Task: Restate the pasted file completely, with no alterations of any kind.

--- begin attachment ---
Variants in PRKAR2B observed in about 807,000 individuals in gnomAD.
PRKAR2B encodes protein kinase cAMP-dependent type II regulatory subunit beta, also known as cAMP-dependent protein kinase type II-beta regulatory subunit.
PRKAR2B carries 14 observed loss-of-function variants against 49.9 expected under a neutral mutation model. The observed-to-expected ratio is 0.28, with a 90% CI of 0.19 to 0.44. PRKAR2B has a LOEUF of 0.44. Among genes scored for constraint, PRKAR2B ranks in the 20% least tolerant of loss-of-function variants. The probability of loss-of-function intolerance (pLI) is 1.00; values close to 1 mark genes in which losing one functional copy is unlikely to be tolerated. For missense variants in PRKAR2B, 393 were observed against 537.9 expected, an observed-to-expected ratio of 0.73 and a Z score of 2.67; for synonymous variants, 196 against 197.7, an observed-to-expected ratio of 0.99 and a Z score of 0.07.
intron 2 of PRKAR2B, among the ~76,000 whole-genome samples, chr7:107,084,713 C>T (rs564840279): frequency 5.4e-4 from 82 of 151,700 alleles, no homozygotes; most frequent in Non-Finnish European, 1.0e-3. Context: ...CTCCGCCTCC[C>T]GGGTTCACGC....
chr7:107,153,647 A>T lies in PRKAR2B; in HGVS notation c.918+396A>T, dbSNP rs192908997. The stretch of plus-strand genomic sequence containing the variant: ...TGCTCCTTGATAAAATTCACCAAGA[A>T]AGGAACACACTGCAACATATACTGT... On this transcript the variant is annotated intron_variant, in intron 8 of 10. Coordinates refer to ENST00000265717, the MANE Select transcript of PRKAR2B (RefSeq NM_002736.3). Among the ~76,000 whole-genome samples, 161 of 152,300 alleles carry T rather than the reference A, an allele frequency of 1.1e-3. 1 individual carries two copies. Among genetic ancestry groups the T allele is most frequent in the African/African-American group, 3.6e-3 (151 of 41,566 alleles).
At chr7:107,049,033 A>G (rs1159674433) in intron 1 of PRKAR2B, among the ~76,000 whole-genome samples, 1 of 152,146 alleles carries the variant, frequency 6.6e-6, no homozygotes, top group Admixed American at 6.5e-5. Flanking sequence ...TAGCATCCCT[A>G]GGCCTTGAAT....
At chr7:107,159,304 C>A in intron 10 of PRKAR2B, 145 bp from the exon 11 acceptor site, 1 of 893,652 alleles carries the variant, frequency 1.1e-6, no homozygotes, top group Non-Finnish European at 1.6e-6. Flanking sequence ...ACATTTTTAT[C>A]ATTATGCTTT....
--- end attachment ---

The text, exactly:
Variants in PRKAR2B observed in about 807,000 individuals in gnomAD.
PRKAR2B encodes protein kinase cAMP-dependent type II regulatory subunit beta, also known as cAMP-dependent protein kinase type II-beta regulatory subunit.
PRKAR2B carries 14 observed loss-of-function variants against 49.9 expected under a neutral mutation model. The observed-to-expected ratio is 0.28, with a 90% CI of 0.19 to 0.44. PRKAR2B has a LOEUF of 0.44. Among genes scored for constraint, PRKAR2B ranks in the 20% least tolerant of loss-of-function variants. The probability of loss-of-function intolerance (pLI) is 1.00; values close to 1 mark genes in which losing one functional copy is unlikely to be tolerated. For missense variants in PRKAR2B, 393 were observed against 537.9 expected, an observed-to-expected ratio of 0.73 and a Z score of 2.67; for synonymous variants, 196 against 197.7, an observed-to-expected ratio of 0.99 and a Z score of 0.07.
intron 2 of PRKAR2B, among the ~76,000 whole-genome samples, chr7:107,084,713 C>T (rs564840279): frequency 5.4e-4 from 82 of 151,700 alleles, no homozygotes; most frequent in Non-Finnish European, 1.0e-3. Context: ...CTCCGCCTCC[C>T]GGGTTCACGC....
chr7:107,153,647 A>T lies in PRKAR2B; in HGVS notation c.918+396A>T, dbSNP rs192908997. The stretch of plus-strand genomic sequence containing the variant: ...TGCTCCTTGATAAAATTCACCAAGA[A>T]AGGAACACACTGCAACATATACTGT... On this transcript the variant is annotated intron_variant, in intron 8 of 10. Coordinates refer to ENST00000265717, the MANE Select transcript of PRKAR2B (RefSeq NM_002736.3). Among the ~76,000 whole-genome samples, 161 of 152,300 alleles carry T rather than the reference A, an allele frequency of 1.1e-3. 1 individual carries two copies. Among genetic ancestry groups the T allele is most frequent in the African/African-American group, 3.6e-3 (151 of 41,566 alleles).
At chr7:107,049,033 A>G (rs1159674433) in intron 1 of PRKAR2B, among the ~76,000 whole-genome samples, 1 of 152,146 alleles carries the variant, frequency 6.6e-6, no homozygotes, top group Admixed American at 6.5e-5. Flanking sequence ...TAGCATCCCT[A>G]GGCCTTGAAT....
At chr7:107,159,304 C>A in intron 10 of PRKAR2B, 145 bp from the exon 11 acceptor site, 1 of 893,652 alleles carries the variant, frequency 1.1e-6, no homozygotes, top group Non-Finnish European at 1.6e-6. Flanking sequence ...ACATTTTTAT[C>A]ATTATGCTTT....